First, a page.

Online M&A platform Axial anticipates approximately 6,500 M&A transactions will be facilitated through its private platform linking buyers and sellers this year, and a review of the data collected from those interactions gives a granular view of trends. “Dealmakers are confident in underwriting risk in a full array [of sectors],” says Axial CEO Peter Lehrman. “In the first and second quarter of 2020, if you weren’t an e-commerce or healthcare firm, you didn’t have a viable exit horizon. And the market has just opened.”
Axial tracks sale processes by milestone and number of bidders, allowing it to aggregate sector-wide data on targets from letter of intent through merger announcement in a metric the company styles a “pursuit rate.” The pursuit rate provides additional insight into dealflow given its focus on discrete sale process milestones—ongoing sales are factored into Axial’s market view in real-time, rather than being reflected in backward looking datasets populated only if deals close.
So what novel insights can the metric provide about today’s M&A marketplace? Technology, industrials and real estate generate particular interest on the platform, Lehrman says. Technology’s share of dealflow has risen since Lehrman founded in the company in 2009 as private equity has awakened to the industry’s durable profits.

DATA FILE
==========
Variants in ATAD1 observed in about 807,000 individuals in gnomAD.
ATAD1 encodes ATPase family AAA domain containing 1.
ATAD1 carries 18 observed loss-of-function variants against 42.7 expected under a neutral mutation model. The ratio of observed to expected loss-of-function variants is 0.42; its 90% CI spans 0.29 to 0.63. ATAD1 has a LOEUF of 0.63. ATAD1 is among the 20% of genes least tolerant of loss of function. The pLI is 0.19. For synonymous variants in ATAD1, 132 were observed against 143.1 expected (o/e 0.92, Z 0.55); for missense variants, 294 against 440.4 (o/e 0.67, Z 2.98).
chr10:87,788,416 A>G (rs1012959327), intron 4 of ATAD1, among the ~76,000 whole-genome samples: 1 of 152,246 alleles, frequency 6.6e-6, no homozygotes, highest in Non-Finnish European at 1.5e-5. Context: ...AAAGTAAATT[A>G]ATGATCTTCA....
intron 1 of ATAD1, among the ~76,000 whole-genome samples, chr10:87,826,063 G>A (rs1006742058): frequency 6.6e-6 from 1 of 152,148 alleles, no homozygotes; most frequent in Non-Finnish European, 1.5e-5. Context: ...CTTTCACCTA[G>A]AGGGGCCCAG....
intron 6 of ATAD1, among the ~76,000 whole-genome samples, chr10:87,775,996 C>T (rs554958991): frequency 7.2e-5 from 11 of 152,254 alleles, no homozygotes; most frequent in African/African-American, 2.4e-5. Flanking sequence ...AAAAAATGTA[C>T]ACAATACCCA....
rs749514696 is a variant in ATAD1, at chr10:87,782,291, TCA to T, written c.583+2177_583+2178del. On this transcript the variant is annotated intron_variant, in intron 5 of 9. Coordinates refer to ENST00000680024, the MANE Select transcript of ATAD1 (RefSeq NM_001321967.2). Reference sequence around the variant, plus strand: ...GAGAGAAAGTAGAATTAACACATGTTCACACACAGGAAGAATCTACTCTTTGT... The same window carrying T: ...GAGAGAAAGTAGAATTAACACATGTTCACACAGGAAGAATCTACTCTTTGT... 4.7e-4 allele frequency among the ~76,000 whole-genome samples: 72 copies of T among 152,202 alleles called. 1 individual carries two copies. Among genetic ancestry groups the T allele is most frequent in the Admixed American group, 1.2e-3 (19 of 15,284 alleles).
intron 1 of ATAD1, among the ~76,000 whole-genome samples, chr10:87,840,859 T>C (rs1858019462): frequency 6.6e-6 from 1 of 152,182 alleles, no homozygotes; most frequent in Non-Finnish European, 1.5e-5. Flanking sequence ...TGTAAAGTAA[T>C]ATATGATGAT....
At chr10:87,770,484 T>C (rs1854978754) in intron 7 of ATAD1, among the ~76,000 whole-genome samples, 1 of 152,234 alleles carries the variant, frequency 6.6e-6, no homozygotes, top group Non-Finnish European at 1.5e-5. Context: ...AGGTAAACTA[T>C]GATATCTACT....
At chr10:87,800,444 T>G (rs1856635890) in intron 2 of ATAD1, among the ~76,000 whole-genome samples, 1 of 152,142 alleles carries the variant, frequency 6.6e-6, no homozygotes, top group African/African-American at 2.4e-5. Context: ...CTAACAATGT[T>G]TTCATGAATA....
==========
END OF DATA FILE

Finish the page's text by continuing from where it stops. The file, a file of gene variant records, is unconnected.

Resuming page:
“There are a lot of small and medium sized software businesses with incredible positions in the market,” he says, “Potentially just as durable in terms of profit and relationships with customers as other industries that they’ve invested in for decades. Tech keeps growing as interest in lower middle market.”
The sector, alongside industrials, has grabbed headlines as deal volumes continue to surge, but the middle market is also seeing a rise in commercial and residential real estate deals.
In particular demand are “businesses that are capable of potentially transforming large amounts of commercial real estate, repurposing for new activity, businesses that reconfigure warehouses for segmented delivery to serve different tenants and customers—a lot of services that go into the trend lines of needing logistics and warehouse capacity to meet that growth in demand,” Lehrman says.